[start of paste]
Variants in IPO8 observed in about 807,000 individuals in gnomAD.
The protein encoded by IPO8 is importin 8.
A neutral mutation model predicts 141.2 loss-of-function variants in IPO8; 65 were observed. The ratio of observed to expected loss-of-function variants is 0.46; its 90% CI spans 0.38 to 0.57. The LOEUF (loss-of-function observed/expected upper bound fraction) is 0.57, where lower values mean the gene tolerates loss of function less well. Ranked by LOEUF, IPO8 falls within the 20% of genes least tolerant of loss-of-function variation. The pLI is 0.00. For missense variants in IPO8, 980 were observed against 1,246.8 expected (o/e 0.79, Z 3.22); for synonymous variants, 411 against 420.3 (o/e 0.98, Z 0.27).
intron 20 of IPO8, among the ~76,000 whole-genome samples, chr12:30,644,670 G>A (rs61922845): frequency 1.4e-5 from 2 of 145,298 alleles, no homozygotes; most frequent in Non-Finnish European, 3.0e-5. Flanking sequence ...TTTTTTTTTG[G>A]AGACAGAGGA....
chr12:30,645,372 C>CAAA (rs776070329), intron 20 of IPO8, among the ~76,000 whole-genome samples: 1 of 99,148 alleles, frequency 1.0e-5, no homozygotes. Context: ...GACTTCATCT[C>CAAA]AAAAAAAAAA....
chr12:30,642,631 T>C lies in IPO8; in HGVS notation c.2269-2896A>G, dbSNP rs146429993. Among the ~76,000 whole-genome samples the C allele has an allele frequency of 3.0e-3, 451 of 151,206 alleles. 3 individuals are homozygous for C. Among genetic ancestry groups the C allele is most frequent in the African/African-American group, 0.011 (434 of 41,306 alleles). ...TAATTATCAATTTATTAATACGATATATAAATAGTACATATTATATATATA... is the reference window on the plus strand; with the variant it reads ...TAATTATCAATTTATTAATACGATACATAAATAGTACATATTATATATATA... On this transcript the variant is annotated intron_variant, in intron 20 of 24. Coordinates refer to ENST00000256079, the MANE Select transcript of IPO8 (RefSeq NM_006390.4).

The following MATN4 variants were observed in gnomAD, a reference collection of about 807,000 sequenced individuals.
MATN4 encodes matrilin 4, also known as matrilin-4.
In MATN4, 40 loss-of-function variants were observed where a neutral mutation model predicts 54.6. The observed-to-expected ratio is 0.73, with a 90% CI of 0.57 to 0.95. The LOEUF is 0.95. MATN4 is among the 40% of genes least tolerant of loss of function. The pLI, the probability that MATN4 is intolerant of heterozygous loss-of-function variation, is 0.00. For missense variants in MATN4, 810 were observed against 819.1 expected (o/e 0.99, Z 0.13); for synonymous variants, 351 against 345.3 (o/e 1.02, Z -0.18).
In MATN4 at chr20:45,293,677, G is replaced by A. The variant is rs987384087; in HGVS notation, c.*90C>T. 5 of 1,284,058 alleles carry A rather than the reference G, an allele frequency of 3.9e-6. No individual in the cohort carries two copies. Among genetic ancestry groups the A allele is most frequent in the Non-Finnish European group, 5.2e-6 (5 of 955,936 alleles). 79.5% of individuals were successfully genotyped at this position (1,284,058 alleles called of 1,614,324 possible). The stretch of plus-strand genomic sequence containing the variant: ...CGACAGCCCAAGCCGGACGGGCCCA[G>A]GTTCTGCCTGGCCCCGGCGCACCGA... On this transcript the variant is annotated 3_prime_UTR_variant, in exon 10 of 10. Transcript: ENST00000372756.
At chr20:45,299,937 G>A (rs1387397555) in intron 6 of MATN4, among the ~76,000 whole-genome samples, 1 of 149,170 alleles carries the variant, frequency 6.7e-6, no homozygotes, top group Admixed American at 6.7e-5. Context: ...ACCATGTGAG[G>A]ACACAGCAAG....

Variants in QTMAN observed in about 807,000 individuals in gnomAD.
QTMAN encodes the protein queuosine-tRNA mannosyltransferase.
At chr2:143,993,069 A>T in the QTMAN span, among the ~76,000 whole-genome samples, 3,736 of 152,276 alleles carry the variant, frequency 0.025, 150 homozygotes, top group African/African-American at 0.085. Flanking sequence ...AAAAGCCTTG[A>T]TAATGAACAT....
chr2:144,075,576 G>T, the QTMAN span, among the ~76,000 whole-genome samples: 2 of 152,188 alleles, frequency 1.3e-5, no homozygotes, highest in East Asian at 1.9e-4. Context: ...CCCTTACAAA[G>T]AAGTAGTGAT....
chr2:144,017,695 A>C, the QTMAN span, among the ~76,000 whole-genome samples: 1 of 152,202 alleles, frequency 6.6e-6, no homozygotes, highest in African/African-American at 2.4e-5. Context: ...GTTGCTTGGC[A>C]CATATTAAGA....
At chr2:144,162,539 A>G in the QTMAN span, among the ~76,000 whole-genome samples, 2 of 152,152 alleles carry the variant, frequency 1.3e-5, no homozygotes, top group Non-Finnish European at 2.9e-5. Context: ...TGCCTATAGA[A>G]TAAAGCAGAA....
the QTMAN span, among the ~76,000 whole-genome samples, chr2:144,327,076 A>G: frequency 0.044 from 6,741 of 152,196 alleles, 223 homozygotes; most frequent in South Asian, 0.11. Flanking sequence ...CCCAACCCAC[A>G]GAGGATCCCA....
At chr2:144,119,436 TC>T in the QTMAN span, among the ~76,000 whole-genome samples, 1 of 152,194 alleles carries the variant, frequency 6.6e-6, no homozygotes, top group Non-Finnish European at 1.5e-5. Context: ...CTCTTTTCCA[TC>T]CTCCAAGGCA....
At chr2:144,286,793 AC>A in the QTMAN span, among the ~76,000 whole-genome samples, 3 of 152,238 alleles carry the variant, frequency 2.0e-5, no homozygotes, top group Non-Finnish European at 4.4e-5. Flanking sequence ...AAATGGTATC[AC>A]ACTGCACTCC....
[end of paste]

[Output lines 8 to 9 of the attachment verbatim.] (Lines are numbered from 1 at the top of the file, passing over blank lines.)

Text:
MATN4 encodes matrilin 4, also known as matrilin-4.
In MATN4, 40 loss-of-function variants were observed where a neutral mutation model predicts 54.6. The observed-to-expected ratio is 0.73, with a 90% CI of 0.57 to 0.95. The LOEUF is 0.95. MATN4 is among the 40% of genes least tolerant of loss of function. The pLI, the probability that MATN4 is intolerant of heterozygous loss-of-function variation, is 0.00. For missense variants in MATN4, 810 were observed against 819.1 expected (o/e 0.99, Z 0.13); for synonymous variants, 351 against 345.3 (o/e 1.02, Z -0.18).